Big Chief Demond Melancon explores history, passes the art and attributes of beading to the next generation of New Orleans Mardi Gras Indians.
New Orleans is a gumbo of people of all different nationalities and races and all those people show a lot of love to each other,” says artist and Mardi Gras Indian Big Chief Demond Melancon. “I’m part of that gumbo.”
Melancon, who resides with his wife Alicia in the city’s Bywater neighborhood, is a prominent “contemporary bead artist” and Big Chief of the Lower 9th Ward Young Seminole Hunters Mardi Gras tribe. His beaded portraits and exquisite Mardi Gras Indian costumes called suits — all made with thousands of tiny colored beads — are mystical symbols of an African American Creole culture that courses through the city’s veins and historic neighborhoods like the rhythmic motions of the Mississippi. To him, they are spiritual connections to the African diaspora and to elders who keep those traditions alive.
Born and raised in the city’s Lower 9th Ward, Melancon has come a long way in recent decades. His intricately composed and sewed beaded Mardi Gras suits and portraits, depicting greats such as Louis Armstrong, Aretha Franklin and Professor Longhair, have gained him international acclaim with exhibitions at major museums in New Orleans, New York, Chicago, Miami and, most impressively, at the Victoria and Albert Museum in London. In addition, a 2019 documentary about Melancon’s work premiered at New York’s prestigious Tribeca Film Festival and the Berlin International Film Festival. Last October the Joan Mitchell Foundation awarded Melancon a four-month artist residency at the foundation’s national center in New Orleans.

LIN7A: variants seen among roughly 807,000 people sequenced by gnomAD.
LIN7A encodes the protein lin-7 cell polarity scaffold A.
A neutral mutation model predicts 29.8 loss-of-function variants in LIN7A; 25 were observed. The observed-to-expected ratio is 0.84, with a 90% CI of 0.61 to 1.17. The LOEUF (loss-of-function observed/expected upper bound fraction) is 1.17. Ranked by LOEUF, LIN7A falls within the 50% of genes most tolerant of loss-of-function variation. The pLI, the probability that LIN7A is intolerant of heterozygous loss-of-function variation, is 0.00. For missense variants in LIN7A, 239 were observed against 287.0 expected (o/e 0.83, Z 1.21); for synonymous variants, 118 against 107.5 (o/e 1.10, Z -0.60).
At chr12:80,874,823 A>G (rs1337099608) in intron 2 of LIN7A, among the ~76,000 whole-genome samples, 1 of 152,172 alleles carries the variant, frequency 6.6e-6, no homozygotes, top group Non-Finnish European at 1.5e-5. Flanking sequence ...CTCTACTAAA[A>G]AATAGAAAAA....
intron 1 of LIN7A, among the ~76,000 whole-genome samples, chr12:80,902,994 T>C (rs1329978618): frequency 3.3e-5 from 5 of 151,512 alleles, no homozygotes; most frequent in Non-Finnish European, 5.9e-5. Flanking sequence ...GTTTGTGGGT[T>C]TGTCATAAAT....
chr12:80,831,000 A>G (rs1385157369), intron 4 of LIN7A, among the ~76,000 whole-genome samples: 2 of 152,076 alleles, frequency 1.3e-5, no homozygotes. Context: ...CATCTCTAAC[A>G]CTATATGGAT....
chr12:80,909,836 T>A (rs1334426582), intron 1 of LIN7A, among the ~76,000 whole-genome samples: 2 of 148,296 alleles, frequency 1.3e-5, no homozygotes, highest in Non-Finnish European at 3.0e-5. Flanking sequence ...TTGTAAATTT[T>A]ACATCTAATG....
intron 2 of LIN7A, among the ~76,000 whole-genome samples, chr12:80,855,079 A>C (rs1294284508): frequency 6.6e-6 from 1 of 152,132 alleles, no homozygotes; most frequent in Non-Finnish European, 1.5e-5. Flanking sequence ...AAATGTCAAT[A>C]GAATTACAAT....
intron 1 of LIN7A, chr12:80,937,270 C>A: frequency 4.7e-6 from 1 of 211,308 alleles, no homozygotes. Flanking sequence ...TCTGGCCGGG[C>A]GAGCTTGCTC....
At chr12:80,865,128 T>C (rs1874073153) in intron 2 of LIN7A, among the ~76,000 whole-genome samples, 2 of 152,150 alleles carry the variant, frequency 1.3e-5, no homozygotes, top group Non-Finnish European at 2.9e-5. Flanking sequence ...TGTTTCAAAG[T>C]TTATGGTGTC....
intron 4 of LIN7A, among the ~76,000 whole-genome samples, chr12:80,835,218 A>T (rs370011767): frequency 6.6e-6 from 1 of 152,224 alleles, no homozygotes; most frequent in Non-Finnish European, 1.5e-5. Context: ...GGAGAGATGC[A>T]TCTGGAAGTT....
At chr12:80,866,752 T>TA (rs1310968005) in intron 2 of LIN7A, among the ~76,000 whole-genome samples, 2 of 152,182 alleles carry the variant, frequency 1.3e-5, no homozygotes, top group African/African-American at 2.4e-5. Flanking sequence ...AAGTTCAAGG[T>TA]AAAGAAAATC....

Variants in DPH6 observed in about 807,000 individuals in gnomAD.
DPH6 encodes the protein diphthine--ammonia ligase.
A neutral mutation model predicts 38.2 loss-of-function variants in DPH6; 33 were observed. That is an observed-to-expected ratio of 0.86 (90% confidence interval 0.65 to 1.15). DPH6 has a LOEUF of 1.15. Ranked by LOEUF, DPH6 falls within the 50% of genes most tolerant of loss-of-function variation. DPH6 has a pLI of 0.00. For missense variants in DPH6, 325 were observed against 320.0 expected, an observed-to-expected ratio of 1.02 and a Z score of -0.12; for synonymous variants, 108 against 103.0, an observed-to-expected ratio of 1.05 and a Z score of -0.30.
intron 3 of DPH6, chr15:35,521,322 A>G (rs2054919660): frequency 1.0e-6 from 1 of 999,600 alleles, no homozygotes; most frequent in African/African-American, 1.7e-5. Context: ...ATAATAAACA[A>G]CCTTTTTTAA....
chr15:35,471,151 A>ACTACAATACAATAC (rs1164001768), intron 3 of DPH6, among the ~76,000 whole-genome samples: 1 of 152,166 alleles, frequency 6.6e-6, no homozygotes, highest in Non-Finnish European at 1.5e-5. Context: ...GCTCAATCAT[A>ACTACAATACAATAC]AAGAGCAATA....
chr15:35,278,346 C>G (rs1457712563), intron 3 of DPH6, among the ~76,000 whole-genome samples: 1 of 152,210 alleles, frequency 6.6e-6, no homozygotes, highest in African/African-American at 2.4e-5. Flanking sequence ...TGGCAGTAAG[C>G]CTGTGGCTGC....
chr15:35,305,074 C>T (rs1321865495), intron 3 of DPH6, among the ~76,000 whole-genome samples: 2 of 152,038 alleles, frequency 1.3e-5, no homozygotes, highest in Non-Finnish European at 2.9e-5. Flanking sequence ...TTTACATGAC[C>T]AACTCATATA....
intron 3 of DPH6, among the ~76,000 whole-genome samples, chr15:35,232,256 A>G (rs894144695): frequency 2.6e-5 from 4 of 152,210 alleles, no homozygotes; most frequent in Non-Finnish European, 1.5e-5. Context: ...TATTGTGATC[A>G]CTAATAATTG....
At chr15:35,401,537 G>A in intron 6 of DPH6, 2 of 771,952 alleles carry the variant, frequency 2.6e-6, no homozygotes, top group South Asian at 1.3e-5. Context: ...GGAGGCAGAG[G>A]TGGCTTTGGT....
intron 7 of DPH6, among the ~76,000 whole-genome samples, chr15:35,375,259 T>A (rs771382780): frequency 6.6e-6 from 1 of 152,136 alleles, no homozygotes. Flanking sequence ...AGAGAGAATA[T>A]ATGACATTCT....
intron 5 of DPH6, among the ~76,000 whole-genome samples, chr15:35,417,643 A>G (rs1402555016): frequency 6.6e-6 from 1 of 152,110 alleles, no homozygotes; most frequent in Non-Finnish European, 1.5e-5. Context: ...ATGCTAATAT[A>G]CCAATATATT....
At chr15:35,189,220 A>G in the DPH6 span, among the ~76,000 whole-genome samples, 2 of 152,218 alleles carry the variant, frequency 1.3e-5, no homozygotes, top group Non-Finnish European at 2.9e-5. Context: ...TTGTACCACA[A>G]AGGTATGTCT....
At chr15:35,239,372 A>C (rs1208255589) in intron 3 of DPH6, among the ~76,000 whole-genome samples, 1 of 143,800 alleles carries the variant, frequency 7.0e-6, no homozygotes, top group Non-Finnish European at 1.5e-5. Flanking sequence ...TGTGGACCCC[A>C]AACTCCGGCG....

The 42-year-old Melancon, who studies the works of Italian Renaissance and Dutch masters as well as African American artists, says his bead art has given him purpose, a recognized place in the city’s art world, a sense of self-reliance and broken barriers. He now passes these attributes on to younger generations in his tribe.
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